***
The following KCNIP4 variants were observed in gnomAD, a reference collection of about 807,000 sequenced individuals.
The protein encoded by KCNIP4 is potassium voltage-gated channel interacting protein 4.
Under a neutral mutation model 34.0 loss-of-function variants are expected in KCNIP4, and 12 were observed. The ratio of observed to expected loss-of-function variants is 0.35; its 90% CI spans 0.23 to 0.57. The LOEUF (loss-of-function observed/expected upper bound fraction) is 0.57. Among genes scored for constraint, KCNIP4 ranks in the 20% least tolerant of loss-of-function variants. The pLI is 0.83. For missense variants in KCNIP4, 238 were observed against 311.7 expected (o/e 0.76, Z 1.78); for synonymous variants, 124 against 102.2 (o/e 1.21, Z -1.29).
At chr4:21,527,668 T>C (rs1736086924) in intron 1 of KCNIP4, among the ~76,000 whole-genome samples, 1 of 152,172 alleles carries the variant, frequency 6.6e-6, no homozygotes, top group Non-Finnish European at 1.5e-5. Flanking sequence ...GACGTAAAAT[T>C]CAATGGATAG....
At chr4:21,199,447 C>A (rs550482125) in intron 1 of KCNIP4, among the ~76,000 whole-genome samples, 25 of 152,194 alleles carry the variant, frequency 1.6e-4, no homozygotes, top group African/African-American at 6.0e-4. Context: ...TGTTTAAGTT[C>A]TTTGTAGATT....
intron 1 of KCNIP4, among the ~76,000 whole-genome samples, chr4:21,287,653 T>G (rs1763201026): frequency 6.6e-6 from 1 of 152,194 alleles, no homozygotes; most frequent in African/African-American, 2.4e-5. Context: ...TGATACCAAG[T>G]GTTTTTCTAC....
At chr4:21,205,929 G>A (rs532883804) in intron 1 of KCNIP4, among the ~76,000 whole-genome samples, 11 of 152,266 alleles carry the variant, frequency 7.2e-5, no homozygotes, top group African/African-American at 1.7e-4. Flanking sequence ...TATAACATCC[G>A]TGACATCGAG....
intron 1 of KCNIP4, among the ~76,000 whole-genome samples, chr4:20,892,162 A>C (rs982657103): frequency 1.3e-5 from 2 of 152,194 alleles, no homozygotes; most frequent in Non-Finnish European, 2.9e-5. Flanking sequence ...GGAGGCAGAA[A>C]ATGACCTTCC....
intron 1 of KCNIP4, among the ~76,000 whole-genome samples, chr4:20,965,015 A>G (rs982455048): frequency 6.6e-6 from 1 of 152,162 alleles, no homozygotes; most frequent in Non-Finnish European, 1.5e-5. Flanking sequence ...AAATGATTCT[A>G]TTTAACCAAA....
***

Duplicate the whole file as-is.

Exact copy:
The following KCNIP4 variants were observed in gnomAD, a reference collection of about 807,000 sequenced individuals.
The protein encoded by KCNIP4 is potassium voltage-gated channel interacting protein 4.
Under a neutral mutation model 34.0 loss-of-function variants are expected in KCNIP4, and 12 were observed. The ratio of observed to expected loss-of-function variants is 0.35; its 90% CI spans 0.23 to 0.57. The LOEUF (loss-of-function observed/expected upper bound fraction) is 0.57. Among genes scored for constraint, KCNIP4 ranks in the 20% least tolerant of loss-of-function variants. The pLI is 0.83. For missense variants in KCNIP4, 238 were observed against 311.7 expected (o/e 0.76, Z 1.78); for synonymous variants, 124 against 102.2 (o/e 1.21, Z -1.29).
At chr4:21,527,668 T>C (rs1736086924) in intron 1 of KCNIP4, among the ~76,000 whole-genome samples, 1 of 152,172 alleles carries the variant, frequency 6.6e-6, no homozygotes, top group Non-Finnish European at 1.5e-5. Flanking sequence ...GACGTAAAAT[T>C]CAATGGATAG....
At chr4:21,199,447 C>A (rs550482125) in intron 1 of KCNIP4, among the ~76,000 whole-genome samples, 25 of 152,194 alleles carry the variant, frequency 1.6e-4, no homozygotes, top group African/African-American at 6.0e-4. Context: ...TGTTTAAGTT[C>A]TTTGTAGATT....
intron 1 of KCNIP4, among the ~76,000 whole-genome samples, chr4:21,287,653 T>G (rs1763201026): frequency 6.6e-6 from 1 of 152,194 alleles, no homozygotes; most frequent in African/African-American, 2.4e-5. Context: ...TGATACCAAG[T>G]GTTTTTCTAC....
At chr4:21,205,929 G>A (rs532883804) in intron 1 of KCNIP4, among the ~76,000 whole-genome samples, 11 of 152,266 alleles carry the variant, frequency 7.2e-5, no homozygotes, top group African/African-American at 1.7e-4. Flanking sequence ...TATAACATCC[G>A]TGACATCGAG....
intron 1 of KCNIP4, among the ~76,000 whole-genome samples, chr4:20,892,162 A>C (rs982657103): frequency 1.3e-5 from 2 of 152,194 alleles, no homozygotes; most frequent in Non-Finnish European, 2.9e-5. Flanking sequence ...GGAGGCAGAA[A>C]ATGACCTTCC....
intron 1 of KCNIP4, among the ~76,000 whole-genome samples, chr4:20,965,015 A>G (rs982455048): frequency 6.6e-6 from 1 of 152,162 alleles, no homozygotes; most frequent in Non-Finnish European, 1.5e-5. Flanking sequence ...AAATGATTCT[A>G]TTTAACCAAA....